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BOWLING GREEN - Wood County commissioners Tuesday approved a budget for 2010 that projects stagnant or slightly declining revenues, but they said the county's future has a number of bright spots.
As they see it, Wood County has its hands in the kind of businesses that bode well for the future: green technologies and rail transportation.
"The vice president of the United States coming to Wood County to a solar company indicates, I think, that Wood County is doing it right," Commissioner Tim Brown said, referring to Joe Biden's recent visit to Willard & Kelsey Solar Group in Perrysburg.
Mr. Brown pointed to another Wood County manufacturer of solar panels, First Solar Inc., the commercial wind turbines spinning just west of Bowling Green, and the CSX Transportation intermodal hub now under construction outside North Baltimore as keys to the county's economic future.
"Two major shifts and trends right now are green energy and the way we move and transport goods, and we're at the forefront of both of those," he said.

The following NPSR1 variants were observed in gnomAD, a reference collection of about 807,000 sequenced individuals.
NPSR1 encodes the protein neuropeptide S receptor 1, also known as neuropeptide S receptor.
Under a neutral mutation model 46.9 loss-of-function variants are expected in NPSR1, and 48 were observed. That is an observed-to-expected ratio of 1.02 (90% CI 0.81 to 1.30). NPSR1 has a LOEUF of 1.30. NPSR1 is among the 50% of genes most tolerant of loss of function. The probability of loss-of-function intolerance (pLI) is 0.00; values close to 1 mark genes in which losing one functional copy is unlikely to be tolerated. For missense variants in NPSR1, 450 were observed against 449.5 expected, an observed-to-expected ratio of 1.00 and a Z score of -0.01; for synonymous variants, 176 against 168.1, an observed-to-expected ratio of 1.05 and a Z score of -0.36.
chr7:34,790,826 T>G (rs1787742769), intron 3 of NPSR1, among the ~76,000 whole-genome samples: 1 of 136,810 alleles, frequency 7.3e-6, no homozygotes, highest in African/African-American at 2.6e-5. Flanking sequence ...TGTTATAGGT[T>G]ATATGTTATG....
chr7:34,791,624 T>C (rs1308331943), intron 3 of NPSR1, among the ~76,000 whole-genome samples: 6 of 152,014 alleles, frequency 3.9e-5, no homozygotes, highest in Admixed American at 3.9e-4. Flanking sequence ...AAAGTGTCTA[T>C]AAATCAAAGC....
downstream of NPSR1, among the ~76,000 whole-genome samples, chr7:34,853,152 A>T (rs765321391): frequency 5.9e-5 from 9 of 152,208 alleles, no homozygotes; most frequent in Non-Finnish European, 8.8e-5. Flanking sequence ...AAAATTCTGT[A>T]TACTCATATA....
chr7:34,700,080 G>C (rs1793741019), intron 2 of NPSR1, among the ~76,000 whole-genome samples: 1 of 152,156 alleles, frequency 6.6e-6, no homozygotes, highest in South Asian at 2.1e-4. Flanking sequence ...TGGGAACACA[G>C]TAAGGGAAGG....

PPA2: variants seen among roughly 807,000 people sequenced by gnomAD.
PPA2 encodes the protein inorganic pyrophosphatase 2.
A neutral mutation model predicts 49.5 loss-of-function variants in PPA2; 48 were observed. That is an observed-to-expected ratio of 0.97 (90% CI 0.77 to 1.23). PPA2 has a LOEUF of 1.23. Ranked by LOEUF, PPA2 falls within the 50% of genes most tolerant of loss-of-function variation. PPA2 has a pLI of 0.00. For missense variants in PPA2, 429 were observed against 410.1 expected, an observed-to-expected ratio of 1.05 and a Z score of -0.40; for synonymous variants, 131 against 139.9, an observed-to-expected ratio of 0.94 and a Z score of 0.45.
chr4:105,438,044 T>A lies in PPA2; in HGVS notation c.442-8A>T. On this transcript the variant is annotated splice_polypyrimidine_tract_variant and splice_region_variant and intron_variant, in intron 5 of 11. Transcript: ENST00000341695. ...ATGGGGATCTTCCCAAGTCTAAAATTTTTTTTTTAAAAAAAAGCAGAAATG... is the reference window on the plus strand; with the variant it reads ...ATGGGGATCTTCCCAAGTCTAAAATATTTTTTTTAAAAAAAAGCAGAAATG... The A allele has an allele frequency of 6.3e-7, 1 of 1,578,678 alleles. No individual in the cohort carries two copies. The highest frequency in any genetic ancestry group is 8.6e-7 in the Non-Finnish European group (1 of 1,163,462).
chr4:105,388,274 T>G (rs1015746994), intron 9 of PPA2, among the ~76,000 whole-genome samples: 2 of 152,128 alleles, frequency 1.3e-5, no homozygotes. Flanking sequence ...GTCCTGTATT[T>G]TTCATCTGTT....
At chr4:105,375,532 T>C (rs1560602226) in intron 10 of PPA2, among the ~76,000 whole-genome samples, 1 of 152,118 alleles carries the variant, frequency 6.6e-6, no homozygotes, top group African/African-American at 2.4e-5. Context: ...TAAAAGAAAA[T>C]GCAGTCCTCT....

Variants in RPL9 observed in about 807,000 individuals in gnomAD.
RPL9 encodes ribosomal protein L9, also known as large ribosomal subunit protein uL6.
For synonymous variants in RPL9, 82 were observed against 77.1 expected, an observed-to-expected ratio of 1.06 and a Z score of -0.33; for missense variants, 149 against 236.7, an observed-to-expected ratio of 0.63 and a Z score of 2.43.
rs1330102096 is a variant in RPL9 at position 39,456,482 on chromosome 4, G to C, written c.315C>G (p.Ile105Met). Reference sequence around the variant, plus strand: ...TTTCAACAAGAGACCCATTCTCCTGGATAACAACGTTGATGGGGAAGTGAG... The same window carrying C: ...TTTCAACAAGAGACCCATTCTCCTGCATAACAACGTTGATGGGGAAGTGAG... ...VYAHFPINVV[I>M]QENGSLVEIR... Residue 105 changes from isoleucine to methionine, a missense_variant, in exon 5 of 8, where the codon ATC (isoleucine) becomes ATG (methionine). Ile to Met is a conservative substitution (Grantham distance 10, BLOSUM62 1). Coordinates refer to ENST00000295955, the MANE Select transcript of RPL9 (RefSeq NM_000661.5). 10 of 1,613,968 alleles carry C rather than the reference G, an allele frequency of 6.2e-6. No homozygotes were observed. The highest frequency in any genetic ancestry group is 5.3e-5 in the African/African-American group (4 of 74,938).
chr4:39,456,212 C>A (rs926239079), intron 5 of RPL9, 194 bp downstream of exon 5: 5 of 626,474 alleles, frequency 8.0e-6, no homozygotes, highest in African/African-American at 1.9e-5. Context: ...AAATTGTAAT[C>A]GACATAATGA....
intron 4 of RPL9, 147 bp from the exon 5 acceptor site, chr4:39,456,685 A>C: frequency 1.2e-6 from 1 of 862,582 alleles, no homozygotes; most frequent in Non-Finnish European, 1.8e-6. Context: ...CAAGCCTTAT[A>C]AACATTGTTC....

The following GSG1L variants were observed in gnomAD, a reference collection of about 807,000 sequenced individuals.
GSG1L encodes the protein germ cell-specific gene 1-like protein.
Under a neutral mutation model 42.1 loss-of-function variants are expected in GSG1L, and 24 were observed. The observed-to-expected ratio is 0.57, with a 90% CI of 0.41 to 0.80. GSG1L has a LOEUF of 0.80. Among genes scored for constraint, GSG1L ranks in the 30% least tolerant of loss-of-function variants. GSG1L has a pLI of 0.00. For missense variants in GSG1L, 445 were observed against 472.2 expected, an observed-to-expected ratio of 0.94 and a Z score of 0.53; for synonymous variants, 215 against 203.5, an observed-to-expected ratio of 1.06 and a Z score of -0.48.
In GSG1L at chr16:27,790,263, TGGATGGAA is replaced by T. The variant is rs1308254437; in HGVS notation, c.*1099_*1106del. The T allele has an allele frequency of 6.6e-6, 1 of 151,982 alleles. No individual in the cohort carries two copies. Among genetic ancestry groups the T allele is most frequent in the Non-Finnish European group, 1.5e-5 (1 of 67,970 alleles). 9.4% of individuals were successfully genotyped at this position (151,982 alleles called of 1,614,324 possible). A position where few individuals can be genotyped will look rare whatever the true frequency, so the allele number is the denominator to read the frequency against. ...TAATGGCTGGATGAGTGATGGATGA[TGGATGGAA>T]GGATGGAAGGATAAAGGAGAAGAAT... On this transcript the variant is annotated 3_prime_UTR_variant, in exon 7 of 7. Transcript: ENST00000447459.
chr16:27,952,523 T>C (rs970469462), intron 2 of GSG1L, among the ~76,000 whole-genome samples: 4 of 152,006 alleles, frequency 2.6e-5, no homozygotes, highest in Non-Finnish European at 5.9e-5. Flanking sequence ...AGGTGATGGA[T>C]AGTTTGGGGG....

Although Wood County is in better financial condition than many Ohio counties, the county is still looking at a drop in sales tax, no growth in property taxes, a decline in local government funds from the state, and stagnant investment income.
The 2010 budget estimates overall revenues at $128.2 million, which includes slightly more than $40 million for the general fund.
Mr. Brown said sales tax revenue - the county's largest source of income - is down about 4 percent so far this year.
"That's not terrible compared to many other counties," he said. "It signifies what everyone out there is doing - hanging onto their money."
County Budget Director Kristy Muir said that although the county's general fund is holding steady, several county departments and agencies that generate much of their own operating revenue are struggling.
The building inspection department has been hard hit by the downturn in the construction industry.
Wood Haven Health Care, formerly known as the county nursing home, has had to lay off employees and reduce hours because of fewer admissions.
The solid waste district and county landfill also have experienced drops in income.
Ms. Muir told commissioners it will be interesting to see where revenue projections are in the fall when commissioners begin examining requests for appropriations from the various county offices.
"Hopefully things will be on the upswing," she said.
By law, commissioners must adopt a budget or estimate of revenues for the following year by July 10.
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